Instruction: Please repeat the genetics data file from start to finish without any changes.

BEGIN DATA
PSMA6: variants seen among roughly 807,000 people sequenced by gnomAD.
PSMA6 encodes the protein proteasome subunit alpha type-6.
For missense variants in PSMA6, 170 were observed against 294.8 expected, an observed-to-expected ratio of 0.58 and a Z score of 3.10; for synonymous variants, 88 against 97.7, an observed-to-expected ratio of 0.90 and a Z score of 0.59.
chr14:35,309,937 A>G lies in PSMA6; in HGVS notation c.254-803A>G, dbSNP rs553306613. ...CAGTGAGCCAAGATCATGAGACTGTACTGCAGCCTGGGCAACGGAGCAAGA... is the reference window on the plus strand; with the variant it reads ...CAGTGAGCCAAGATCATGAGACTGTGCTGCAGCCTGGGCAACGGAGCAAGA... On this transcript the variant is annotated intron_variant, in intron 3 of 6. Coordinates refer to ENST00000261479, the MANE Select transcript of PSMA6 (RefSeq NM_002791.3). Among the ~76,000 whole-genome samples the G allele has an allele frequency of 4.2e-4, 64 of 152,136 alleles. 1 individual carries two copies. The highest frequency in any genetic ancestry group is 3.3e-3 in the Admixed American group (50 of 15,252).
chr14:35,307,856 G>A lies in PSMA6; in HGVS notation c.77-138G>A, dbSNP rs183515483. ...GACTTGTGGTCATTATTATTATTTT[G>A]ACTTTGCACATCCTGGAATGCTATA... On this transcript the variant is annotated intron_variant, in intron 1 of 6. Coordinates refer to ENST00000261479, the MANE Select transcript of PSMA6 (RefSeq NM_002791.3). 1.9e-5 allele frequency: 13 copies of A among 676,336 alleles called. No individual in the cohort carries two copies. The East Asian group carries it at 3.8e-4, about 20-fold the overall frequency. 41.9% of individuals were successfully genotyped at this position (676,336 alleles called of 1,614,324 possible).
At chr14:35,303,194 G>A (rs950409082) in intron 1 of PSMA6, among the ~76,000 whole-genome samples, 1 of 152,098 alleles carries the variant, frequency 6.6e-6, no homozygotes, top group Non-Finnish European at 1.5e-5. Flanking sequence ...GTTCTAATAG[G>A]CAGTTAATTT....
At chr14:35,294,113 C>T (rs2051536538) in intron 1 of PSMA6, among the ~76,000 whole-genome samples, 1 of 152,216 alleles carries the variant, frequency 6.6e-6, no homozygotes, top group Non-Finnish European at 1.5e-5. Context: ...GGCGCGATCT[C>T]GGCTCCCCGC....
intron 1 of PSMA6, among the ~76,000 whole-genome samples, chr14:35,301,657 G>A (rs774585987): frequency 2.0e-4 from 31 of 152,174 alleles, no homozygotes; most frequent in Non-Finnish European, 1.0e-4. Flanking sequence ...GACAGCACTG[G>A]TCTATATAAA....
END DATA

PSMA6: variants seen among roughly 807,000 people sequenced by gnomAD.
PSMA6 encodes the protein proteasome subunit alpha type-6.
For missense variants in PSMA6, 170 were observed against 294.8 expected, an observed-to-expected ratio of 0.58 and a Z score of 3.10; for synonymous variants, 88 against 97.7, an observed-to-expected ratio of 0.90 and a Z score of 0.59.
chr14:35,309,937 A>G lies in PSMA6; in HGVS notation c.254-803A>G, dbSNP rs553306613. ...CAGTGAGCCAAGATCATGAGACTGTACTGCAGCCTGGGCAACGGAGCAAGA... is the reference window on the plus strand; with the variant it reads ...CAGTGAGCCAAGATCATGAGACTGTGCTGCAGCCTGGGCAACGGAGCAAGA... On this transcript the variant is annotated intron_variant, in intron 3 of 6. Coordinates refer to ENST00000261479, the MANE Select transcript of PSMA6 (RefSeq NM_002791.3). Among the ~76,000 whole-genome samples the G allele has an allele frequency of 4.2e-4, 64 of 152,136 alleles. 1 individual carries two copies. The highest frequency in any genetic ancestry group is 3.3e-3 in the Admixed American group (50 of 15,252).
chr14:35,307,856 G>A lies in PSMA6; in HGVS notation c.77-138G>A, dbSNP rs183515483. ...GACTTGTGGTCATTATTATTATTTT[G>A]ACTTTGCACATCCTGGAATGCTATA... On this transcript the variant is annotated intron_variant, in intron 1 of 6. Coordinates refer to ENST00000261479, the MANE Select transcript of PSMA6 (RefSeq NM_002791.3). 1.9e-5 allele frequency: 13 copies of A among 676,336 alleles called. No individual in the cohort carries two copies. The East Asian group carries it at 3.8e-4, about 20-fold the overall frequency. 41.9% of individuals were successfully genotyped at this position (676,336 alleles called of 1,614,324 possible).
At chr14:35,303,194 G>A (rs950409082) in intron 1 of PSMA6, among the ~76,000 whole-genome samples, 1 of 152,098 alleles carries the variant, frequency 6.6e-6, no homozygotes, top group Non-Finnish European at 1.5e-5. Flanking sequence ...GTTCTAATAG[G>A]CAGTTAATTT....
At chr14:35,294,113 C>T (rs2051536538) in intron 1 of PSMA6, among the ~76,000 whole-genome samples, 1 of 152,216 alleles carries the variant, frequency 6.6e-6, no homozygotes, top group Non-Finnish European at 1.5e-5. Context: ...GGCGCGATCT[C>T]GGCTCCCCGC....
intron 1 of PSMA6, among the ~76,000 whole-genome samples, chr14:35,301,657 G>A (rs774585987): frequency 2.0e-4 from 31 of 152,174 alleles, no homozygotes; most frequent in Non-Finnish European, 1.0e-4. Flanking sequence ...GACAGCACTG[G>A]TCTATATAAA....